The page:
2009 Melbourne Fashion Festival Cultural Program part 1
By Mark Holsworth and Catherine Voutier
The blockbuster exhibition of the Melbourne Fashion Festival was out of Melbourne at the Bendigo Art Gallery. There has been an average of 2 thousand visitors daily and a long wait in the queue to gain entry. The gallery’s staff and facilities couldn’t cope with the avalanche of people and Bendigo is experiencing a boom in tourists.
This was all for The Golden Age of Couture – Paris & London 1947-57 that featured dresses from Christian Dior and Cristobal Balenciaga. Other items included tiny travelling mannequins about 40cm tall that the French couturiers would bring over to England to display to clients. There were some fascinating British & French films from the period including one showing a model being dressed in the extensive underdress that the New Look form required (corseting, girdles, padded bras, extra padding attached to hips and shoulders). The films also revealed more men attending shows than would be the case today – the men at this time were the ones buying the clothes for their wives. There were also photographs by Cecil Beaton, Richard Avedon and Erwin Bloomfield. Bloomfield’s free Dadaist experiments in photography were not always successful but always adventurous and ambitious. Previously, fashion photographs were taken in studios. With the New Look, models were photographed in the real world showing the clothes as they would be worn in everyday situations.
The National Gallery of Victoria’s exhibition Remaking Fashion deconstructs the process of making fashion. And even in a modest way the way of exhibiting fashion had been deconstructed with the raw wood back frame. A series of Christian Dior toile versions of dress designs showed the structural basics and introduced the rest of the exhibition. This included Westwood’s experiments with traditions updating them to contemporary life, dresses and a slashed jacket by Rei Kawakubo of Comme des Garçons, and an impressive women’s dress remade from men’s garments by local fashion label SiX.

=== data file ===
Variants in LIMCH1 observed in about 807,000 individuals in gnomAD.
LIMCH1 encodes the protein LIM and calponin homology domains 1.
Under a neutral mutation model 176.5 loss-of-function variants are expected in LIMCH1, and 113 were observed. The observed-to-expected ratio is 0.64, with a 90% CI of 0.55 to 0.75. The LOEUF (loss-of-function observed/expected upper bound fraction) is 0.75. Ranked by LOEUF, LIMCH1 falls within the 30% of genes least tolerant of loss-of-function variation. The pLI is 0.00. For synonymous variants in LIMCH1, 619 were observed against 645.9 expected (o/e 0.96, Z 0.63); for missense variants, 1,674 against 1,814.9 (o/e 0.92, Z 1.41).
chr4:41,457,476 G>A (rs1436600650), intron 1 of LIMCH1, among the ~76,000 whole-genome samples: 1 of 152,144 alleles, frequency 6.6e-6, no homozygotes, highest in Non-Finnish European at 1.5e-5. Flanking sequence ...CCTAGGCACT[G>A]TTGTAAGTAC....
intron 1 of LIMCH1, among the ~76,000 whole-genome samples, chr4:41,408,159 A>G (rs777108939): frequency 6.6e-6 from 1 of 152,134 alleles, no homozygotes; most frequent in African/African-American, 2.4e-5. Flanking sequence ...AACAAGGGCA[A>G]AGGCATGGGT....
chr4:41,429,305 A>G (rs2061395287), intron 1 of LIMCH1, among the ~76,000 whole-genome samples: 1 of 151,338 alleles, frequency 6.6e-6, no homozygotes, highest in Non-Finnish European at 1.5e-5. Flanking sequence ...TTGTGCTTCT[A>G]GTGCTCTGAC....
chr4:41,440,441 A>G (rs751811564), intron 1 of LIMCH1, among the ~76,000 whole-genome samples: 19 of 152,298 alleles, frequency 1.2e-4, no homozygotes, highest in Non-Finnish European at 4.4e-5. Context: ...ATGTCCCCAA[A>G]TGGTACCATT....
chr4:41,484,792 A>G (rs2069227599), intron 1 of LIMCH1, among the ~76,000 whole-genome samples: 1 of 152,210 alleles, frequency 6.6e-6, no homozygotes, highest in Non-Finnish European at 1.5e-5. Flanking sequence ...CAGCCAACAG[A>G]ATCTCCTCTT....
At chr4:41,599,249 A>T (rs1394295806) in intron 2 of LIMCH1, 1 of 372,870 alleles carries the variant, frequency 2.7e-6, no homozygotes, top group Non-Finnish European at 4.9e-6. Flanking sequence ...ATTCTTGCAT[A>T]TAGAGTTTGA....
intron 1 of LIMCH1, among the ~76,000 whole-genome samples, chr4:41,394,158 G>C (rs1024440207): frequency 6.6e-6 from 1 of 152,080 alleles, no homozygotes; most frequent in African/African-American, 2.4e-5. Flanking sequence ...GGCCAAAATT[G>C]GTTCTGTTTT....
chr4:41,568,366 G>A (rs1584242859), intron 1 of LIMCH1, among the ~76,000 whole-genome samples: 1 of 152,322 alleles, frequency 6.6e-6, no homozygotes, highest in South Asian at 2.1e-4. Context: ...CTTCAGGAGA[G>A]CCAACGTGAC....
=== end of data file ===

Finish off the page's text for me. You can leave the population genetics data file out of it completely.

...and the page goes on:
Fashion boutique Marais, located on the 1st floor of Royal Arcade, had a small exhibition of the work of designer Annie Valerie Hash. There were lots of beading and others quirky details. Some of Annie Valerie Hash’s dresses showed the distinct influence of Coco Channel. And on the 2nd floor of Royal Arcade, Don’t Come has cool street clothes and a one room gallery with Drella New York, photographs by Maripolarama. These are mosaics of enlarged snapshot-style photographs of the cool glamorous of NYC. Look there is Andy Warhol eating with Keith Haring, And there’s Madonna, Grace Jones, and hey, there’s Jeff Koons! But this isn’t couture anymore this is street d.i.y. fashion; the subject of our next entry on the 2009 Melbourne Fashion Festival Cultural Program.